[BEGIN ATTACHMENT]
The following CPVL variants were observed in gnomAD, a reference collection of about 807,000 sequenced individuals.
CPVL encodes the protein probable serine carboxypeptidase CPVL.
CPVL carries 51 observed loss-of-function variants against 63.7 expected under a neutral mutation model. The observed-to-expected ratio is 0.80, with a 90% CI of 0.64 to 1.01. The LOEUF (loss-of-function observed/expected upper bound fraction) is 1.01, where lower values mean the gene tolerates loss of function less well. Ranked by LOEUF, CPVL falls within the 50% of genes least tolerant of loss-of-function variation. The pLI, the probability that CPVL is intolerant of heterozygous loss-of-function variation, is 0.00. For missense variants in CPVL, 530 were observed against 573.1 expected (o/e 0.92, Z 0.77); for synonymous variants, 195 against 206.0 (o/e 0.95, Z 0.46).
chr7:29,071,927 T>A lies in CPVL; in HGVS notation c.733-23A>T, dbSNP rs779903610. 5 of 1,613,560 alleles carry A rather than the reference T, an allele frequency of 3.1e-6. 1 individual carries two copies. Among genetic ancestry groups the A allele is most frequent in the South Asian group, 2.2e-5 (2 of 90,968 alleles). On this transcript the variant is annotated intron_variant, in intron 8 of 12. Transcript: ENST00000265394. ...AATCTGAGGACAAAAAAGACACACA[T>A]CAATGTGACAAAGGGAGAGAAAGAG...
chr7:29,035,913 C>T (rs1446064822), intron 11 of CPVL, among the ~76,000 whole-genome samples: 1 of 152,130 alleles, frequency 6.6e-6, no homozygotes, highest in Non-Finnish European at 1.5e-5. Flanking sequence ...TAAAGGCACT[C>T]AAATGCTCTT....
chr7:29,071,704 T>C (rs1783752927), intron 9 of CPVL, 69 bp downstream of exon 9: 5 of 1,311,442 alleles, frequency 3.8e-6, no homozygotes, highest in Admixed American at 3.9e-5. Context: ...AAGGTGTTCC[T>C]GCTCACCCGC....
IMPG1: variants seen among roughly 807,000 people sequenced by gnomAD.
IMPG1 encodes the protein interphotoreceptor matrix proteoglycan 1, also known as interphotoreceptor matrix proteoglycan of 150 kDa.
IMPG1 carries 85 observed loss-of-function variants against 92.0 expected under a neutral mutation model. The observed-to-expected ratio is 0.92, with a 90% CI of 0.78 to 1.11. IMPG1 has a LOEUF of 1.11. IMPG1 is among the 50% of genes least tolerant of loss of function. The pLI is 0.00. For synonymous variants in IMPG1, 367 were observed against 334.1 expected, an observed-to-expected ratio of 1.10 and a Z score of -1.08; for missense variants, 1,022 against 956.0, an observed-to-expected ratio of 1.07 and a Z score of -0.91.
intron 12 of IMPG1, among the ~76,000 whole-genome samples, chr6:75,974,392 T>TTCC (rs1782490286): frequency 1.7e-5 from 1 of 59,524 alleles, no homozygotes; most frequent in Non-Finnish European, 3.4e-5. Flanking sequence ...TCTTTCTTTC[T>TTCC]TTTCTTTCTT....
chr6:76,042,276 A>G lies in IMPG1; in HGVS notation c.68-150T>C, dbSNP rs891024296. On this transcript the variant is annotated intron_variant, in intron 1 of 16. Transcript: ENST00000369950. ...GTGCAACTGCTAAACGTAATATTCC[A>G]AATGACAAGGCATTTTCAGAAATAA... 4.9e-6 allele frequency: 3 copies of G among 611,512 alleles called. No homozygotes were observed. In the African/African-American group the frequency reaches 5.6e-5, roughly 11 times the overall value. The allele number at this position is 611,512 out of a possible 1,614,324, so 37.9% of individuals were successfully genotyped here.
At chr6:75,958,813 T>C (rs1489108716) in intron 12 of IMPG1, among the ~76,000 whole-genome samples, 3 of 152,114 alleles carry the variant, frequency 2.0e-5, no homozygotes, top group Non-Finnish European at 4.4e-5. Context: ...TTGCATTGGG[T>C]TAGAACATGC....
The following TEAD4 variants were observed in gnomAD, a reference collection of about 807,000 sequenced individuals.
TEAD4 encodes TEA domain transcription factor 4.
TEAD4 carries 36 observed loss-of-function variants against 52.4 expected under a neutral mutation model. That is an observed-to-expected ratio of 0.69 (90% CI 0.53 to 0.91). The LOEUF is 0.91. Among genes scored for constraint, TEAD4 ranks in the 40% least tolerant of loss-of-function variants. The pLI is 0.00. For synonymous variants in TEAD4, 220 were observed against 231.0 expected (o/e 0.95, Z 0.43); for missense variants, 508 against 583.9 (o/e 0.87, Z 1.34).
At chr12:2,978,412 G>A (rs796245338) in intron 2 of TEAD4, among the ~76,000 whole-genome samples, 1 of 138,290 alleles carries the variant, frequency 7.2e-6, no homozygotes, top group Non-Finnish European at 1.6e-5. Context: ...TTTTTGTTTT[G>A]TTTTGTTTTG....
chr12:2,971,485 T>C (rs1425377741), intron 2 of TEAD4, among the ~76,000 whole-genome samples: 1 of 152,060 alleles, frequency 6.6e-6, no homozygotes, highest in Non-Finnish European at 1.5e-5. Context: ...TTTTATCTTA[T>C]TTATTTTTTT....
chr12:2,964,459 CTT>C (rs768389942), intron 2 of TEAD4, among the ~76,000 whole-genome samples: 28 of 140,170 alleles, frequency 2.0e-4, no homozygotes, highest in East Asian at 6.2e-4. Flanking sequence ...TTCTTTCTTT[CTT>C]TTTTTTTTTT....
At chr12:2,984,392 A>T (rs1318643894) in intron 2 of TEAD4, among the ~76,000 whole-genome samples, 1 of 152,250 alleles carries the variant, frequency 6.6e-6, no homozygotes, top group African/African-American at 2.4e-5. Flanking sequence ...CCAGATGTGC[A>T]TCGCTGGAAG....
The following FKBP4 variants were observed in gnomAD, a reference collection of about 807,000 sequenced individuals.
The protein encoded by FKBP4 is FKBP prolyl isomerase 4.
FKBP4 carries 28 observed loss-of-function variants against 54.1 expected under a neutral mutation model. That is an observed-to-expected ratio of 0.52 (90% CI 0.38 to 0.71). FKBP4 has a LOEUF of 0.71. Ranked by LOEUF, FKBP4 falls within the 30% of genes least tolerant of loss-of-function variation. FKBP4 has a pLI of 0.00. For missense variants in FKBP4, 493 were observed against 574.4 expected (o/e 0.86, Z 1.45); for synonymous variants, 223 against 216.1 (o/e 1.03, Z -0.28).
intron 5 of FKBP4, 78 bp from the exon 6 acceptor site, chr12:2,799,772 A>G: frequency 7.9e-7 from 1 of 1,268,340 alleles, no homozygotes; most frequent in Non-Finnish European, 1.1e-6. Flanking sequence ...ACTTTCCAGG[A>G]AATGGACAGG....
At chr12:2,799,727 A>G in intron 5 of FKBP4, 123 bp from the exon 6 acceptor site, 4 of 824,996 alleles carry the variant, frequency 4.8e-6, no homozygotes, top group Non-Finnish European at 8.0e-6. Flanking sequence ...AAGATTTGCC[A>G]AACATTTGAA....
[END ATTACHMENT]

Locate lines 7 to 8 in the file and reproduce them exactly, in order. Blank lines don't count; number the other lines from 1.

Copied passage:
IMPG1: variants seen among roughly 807,000 people sequenced by gnomAD.
IMPG1 encodes the protein interphotoreceptor matrix proteoglycan 1, also known as interphotoreceptor matrix proteoglycan of 150 kDa.